It has been an eventful few weeks for biofuels in Europe. Each week has brought another volley of criticism. Like a punch-drunk boxer, the biofuel industry is still there fighting, but to take the analogy further, a stumbling fighter attracts fewer bets.

It is no wonder that potential investors are looking elsewhere for better prospects, a development that could leave Europe dependent on imported biofuels, removing one of their main advantages. So what has led to this situation?

First we had the publication of the Renewable Energy Strategy and the Gallagher Review into the indirect effects of biofuel production. Both of these were reasonably balanced documents, and while I have a few queries about some of the assumptions made by Gallagher (particularly the different treatment of set-aside and unproductive land), overall they provide a sound framework that will still allow the European industry to move forward.

OPEC claims dismissed

Further mud was flung at biofuels by the oil cartel OPEC, which claimed that 40% of the price of crude oil could be attributed to bioethanol. The main European, Brazilian and North American bioethanol trade associations quickly responded in an open letter which politely suggested that OPEC president Chakib Khelil was talking out of his bottom. “Since you, as head of OPEC, provide no explanation for what in our view constitutes a self-serving and misleading statement that goes counter to any independent analysis of the fuels market today, one can only conclude that OPEC views competition with biofuels as a direct threat,” they wrote.

Next, the Organisation for Economic Co-operation and Development (OECD) published a report on 16 July which concluded that “biofuels are currently highly dependent on public funding to be viable”. The OECD says “US, Canada and the European Union government support for the supply and use of biofuels is expected to rise to around $25bn a year by 2015 from about $11bn in 2006.

‘The reduction of greenhouse gas emissions is a primary reason for current biofuel policies, but the savings are limited. Ethanol from sugar cane – the main feedstock used in Brazil – reduces greenhouse gas emissions by at least 80% compared to fossil fuels. But emission reductions are much smaller from biofuels based on feedstocks used in Europe and North America.’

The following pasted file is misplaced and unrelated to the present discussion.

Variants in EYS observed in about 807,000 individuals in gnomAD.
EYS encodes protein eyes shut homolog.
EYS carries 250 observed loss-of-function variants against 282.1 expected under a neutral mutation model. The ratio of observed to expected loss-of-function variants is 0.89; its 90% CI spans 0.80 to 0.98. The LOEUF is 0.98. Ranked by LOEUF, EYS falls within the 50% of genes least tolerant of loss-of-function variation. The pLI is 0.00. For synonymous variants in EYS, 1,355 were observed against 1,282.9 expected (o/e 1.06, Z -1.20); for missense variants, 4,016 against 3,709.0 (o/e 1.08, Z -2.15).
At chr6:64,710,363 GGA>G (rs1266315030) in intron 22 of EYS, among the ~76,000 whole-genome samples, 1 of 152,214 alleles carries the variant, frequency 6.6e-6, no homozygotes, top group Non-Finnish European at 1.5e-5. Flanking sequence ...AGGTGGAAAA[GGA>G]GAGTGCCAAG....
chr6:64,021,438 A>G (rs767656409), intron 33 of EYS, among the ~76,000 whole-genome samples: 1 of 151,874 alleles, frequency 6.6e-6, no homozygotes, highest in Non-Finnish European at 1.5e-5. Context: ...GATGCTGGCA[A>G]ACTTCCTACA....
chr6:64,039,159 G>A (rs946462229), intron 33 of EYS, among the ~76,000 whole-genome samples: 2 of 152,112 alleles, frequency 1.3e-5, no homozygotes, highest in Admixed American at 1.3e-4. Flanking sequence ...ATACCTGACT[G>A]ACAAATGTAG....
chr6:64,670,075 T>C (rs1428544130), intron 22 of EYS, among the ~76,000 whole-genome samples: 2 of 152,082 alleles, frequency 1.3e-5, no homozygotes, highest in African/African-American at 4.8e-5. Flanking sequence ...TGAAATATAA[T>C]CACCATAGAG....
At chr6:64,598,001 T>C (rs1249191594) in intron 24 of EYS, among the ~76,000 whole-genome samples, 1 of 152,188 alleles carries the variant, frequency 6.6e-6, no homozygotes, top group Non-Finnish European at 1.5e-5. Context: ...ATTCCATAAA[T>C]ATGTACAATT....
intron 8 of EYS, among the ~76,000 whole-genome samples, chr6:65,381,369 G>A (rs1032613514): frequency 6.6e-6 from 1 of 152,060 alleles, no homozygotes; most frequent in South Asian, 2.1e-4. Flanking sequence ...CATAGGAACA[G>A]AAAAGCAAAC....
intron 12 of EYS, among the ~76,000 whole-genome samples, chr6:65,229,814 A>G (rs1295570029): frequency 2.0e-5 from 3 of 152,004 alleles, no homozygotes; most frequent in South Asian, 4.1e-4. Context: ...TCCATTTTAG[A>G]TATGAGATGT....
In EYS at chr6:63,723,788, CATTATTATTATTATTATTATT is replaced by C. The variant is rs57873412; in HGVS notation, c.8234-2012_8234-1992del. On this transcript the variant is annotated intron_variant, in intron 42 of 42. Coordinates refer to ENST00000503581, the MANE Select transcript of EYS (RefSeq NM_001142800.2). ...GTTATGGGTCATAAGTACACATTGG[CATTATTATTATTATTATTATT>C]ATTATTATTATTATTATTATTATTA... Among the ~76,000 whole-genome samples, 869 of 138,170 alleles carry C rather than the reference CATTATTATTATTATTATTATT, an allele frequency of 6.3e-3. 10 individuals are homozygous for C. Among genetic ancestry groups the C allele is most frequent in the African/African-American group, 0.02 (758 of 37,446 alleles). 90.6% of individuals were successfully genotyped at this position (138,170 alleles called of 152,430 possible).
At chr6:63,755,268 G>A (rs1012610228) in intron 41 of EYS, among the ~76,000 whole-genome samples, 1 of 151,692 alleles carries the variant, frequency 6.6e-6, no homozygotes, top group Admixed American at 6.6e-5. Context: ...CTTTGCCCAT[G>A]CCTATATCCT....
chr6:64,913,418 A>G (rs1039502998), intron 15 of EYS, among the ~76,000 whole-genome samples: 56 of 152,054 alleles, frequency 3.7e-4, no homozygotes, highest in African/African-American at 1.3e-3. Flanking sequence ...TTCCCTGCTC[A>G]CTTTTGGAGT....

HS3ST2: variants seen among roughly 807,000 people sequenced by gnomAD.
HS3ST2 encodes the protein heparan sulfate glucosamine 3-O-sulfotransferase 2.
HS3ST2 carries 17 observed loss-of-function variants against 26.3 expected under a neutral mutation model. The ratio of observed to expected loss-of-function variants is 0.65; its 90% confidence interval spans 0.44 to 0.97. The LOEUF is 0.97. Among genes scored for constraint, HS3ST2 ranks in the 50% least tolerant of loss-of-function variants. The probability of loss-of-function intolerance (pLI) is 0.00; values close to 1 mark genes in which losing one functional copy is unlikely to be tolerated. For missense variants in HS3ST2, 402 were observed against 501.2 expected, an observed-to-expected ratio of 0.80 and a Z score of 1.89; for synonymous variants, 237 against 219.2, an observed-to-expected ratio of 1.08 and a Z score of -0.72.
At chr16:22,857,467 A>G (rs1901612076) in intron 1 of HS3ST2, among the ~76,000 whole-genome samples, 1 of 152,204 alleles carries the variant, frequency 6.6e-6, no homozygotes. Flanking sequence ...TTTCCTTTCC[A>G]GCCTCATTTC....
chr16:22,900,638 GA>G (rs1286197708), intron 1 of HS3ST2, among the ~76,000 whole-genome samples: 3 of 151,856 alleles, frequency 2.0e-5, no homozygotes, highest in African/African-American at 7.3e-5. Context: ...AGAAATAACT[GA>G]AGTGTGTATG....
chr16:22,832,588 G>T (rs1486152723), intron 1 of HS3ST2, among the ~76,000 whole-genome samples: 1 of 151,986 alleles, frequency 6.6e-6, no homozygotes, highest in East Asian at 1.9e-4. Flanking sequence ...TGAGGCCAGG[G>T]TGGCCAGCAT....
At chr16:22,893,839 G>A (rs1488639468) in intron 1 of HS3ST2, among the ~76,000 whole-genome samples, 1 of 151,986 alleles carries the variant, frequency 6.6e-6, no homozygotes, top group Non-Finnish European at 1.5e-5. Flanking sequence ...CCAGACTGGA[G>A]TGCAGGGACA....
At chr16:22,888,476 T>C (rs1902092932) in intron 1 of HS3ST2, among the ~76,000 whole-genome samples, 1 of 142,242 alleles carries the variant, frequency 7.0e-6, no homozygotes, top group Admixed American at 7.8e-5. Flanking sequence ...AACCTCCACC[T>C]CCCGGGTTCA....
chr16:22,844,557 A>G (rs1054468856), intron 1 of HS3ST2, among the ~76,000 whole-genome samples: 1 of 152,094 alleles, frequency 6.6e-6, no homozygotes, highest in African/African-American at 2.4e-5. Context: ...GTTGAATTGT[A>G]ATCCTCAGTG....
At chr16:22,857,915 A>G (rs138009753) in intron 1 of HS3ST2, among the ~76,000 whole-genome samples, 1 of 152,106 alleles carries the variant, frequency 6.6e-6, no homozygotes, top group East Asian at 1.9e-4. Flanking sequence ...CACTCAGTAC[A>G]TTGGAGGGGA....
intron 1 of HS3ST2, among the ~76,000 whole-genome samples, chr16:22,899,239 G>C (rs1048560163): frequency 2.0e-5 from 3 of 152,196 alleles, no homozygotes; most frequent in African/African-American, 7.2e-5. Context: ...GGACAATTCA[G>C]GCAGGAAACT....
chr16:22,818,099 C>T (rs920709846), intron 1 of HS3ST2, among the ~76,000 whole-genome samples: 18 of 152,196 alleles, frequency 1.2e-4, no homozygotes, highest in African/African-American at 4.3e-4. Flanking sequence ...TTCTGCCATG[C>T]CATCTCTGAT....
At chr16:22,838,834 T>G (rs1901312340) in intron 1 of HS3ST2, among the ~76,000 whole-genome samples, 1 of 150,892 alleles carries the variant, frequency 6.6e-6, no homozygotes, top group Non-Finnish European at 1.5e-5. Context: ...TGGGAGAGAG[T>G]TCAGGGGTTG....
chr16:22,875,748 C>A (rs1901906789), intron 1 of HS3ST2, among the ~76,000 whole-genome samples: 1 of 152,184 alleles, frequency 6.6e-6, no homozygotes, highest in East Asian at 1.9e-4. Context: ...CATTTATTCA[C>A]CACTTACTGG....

Tariff cuts proposed

With increasing environmental and financial pressure for Europe to open its biofuel markets, it was to be expected that last week’s WTO Doha Round talks in Geneva would see movement on the subject. The EU proposed tariff cuts on 1.4m tonnes of ethanol imports annually by 2020, worth about $1bn a year. The European industry instantly opposed the suggestion, with Robert Vierhout, president of the European Bioethanol Fuel Association (eBIO) saying: “Brazilian imports would wipe away the entire European production. This is totally unacceptable.”

Perhaps more surprising was the Brazilian reaction to the offer. One report said that Peter Mandelson wrote on his blog, after making the offer: “Surprisingly, given the importance of this question in Brasilia, [Brazilian Foreign Minister Celso] Amorim seemed to dismiss the value of such an offer for Brazil.”

The Brazilian Sugarcane Industry Association (UNICA) also attacked the idea of an import quota. “What we expect now is full integration for ethanol into global trade. Ethanol should not be treated any differently because currently it is not considered a sensitive product in Europe or the United States,” said UNICA president Marcos Sawaya Jank.

A worthy investment?

So, in light of the confused outlook for European biofuel (made even more uncertain by announcements last week that both the German and Irish governments were to cut their plans for mandating biofuels), is it any wonder that UK-based Infinity Bio-Energy has just increased its shareholding in a big Brazilian sugar and ethanol company to 99.5%?

If investment in European biofuel capacity does disappear, farmers will lose a potential market for grain and oilseeds, which will add downward pressure on prices. As always in this area, the relative arguments around greenhouse gas savings, energy benefits and sustainability are complex. But given recent political noises about the importance of agriculture (both domestic and overseas), the way that European governments treat their biofuels industries in the coming months is likely to be telling in terms of their overall attitude to agricultural development.

Richard Crowhurst is Editor of